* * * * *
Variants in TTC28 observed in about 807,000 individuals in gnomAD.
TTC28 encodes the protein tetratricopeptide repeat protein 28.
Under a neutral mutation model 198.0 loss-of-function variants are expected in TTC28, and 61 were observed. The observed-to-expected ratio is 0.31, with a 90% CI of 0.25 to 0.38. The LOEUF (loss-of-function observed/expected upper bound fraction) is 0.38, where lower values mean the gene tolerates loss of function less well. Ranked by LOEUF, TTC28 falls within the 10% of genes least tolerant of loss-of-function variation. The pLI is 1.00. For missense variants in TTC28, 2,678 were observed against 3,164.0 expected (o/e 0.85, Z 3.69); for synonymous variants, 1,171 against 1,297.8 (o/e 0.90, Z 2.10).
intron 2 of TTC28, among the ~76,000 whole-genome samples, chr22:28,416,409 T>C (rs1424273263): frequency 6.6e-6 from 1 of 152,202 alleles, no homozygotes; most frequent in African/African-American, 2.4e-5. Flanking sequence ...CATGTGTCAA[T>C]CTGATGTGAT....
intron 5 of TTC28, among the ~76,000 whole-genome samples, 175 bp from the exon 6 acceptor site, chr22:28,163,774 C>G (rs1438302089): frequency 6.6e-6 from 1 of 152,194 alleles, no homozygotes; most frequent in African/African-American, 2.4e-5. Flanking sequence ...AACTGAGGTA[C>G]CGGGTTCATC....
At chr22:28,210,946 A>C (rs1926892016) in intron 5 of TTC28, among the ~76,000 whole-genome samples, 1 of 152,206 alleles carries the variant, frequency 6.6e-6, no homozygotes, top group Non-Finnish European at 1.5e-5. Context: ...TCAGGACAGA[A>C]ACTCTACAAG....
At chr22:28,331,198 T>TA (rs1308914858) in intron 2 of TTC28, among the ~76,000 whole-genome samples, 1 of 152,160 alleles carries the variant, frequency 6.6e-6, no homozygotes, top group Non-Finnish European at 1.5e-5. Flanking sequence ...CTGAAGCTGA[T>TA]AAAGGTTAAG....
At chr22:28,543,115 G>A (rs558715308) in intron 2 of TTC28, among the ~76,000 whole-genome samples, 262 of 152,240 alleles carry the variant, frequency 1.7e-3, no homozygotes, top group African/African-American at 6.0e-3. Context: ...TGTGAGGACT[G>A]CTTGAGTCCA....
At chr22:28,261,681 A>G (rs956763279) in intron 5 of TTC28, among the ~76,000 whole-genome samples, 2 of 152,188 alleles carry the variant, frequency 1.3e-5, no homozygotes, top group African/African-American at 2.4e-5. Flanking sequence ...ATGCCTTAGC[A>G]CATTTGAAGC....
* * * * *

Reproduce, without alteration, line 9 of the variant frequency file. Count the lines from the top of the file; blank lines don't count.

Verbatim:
At chr22:28,261,681 A>G (rs956763279) in intron 5 of TTC28, among the ~76,000 whole-genome samples, 2 of 152,188 alleles carry the variant, frequency 1.3e-5, no homozygotes, top group African/African-American at 2.4e-5. Flanking sequence ...ATGCCTTAGC[A>G]CATTTGAAGC....